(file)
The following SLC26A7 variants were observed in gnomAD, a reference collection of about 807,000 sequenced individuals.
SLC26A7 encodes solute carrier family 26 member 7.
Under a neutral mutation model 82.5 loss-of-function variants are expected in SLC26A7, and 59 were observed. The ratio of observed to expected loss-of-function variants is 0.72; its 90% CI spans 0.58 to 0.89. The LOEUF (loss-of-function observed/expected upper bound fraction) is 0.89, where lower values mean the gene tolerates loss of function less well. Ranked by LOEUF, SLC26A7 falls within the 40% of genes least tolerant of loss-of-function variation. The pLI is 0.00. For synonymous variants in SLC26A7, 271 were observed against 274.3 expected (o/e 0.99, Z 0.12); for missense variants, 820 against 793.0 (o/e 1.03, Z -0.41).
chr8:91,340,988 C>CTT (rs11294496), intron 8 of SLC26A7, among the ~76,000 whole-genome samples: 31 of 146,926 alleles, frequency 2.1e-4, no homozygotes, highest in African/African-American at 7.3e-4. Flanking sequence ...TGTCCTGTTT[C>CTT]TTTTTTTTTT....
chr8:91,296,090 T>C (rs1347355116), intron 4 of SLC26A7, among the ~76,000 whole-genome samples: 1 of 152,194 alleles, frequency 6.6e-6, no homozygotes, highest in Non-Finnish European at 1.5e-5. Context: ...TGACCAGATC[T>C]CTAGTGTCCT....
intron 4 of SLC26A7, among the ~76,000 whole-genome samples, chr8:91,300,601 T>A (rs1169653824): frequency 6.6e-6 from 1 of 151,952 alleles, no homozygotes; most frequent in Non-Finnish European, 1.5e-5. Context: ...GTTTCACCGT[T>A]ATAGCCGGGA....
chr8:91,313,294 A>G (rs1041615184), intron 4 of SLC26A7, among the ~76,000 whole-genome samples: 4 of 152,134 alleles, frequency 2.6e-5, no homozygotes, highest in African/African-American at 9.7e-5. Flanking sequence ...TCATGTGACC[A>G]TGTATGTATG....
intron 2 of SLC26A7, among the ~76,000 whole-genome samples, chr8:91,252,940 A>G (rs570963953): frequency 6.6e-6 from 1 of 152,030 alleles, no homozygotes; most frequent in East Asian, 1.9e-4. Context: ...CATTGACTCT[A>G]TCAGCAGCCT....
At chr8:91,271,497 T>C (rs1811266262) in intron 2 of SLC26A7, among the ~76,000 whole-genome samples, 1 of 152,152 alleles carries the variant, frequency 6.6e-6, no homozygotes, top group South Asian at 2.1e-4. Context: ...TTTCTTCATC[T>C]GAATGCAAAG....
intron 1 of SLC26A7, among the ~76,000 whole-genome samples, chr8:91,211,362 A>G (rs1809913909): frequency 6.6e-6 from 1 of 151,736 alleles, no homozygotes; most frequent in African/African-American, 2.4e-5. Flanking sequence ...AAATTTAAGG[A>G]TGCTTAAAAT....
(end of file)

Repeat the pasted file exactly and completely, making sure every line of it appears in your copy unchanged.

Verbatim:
The following SLC26A7 variants were observed in gnomAD, a reference collection of about 807,000 sequenced individuals.
SLC26A7 encodes solute carrier family 26 member 7.
Under a neutral mutation model 82.5 loss-of-function variants are expected in SLC26A7, and 59 were observed. The ratio of observed to expected loss-of-function variants is 0.72; its 90% CI spans 0.58 to 0.89. The LOEUF (loss-of-function observed/expected upper bound fraction) is 0.89, where lower values mean the gene tolerates loss of function less well. Ranked by LOEUF, SLC26A7 falls within the 40% of genes least tolerant of loss-of-function variation. The pLI is 0.00. For synonymous variants in SLC26A7, 271 were observed against 274.3 expected (o/e 0.99, Z 0.12); for missense variants, 820 against 793.0 (o/e 1.03, Z -0.41).
chr8:91,340,988 C>CTT (rs11294496), intron 8 of SLC26A7, among the ~76,000 whole-genome samples: 31 of 146,926 alleles, frequency 2.1e-4, no homozygotes, highest in African/African-American at 7.3e-4. Flanking sequence ...TGTCCTGTTT[C>CTT]TTTTTTTTTT....
chr8:91,296,090 T>C (rs1347355116), intron 4 of SLC26A7, among the ~76,000 whole-genome samples: 1 of 152,194 alleles, frequency 6.6e-6, no homozygotes, highest in Non-Finnish European at 1.5e-5. Context: ...TGACCAGATC[T>C]CTAGTGTCCT....
intron 4 of SLC26A7, among the ~76,000 whole-genome samples, chr8:91,300,601 T>A (rs1169653824): frequency 6.6e-6 from 1 of 151,952 alleles, no homozygotes; most frequent in Non-Finnish European, 1.5e-5. Context: ...GTTTCACCGT[T>A]ATAGCCGGGA....
chr8:91,313,294 A>G (rs1041615184), intron 4 of SLC26A7, among the ~76,000 whole-genome samples: 4 of 152,134 alleles, frequency 2.6e-5, no homozygotes, highest in African/African-American at 9.7e-5. Flanking sequence ...TCATGTGACC[A>G]TGTATGTATG....
intron 2 of SLC26A7, among the ~76,000 whole-genome samples, chr8:91,252,940 A>G (rs570963953): frequency 6.6e-6 from 1 of 152,030 alleles, no homozygotes; most frequent in East Asian, 1.9e-4. Context: ...CATTGACTCT[A>G]TCAGCAGCCT....
At chr8:91,271,497 T>C (rs1811266262) in intron 2 of SLC26A7, among the ~76,000 whole-genome samples, 1 of 152,152 alleles carries the variant, frequency 6.6e-6, no homozygotes, top group South Asian at 2.1e-4. Context: ...TTTCTTCATC[T>C]GAATGCAAAG....
intron 1 of SLC26A7, among the ~76,000 whole-genome samples, chr8:91,211,362 A>G (rs1809913909): frequency 6.6e-6 from 1 of 151,736 alleles, no homozygotes; most frequent in African/African-American, 2.4e-5. Flanking sequence ...AAATTTAAGG[A>G]TGCTTAAAAT....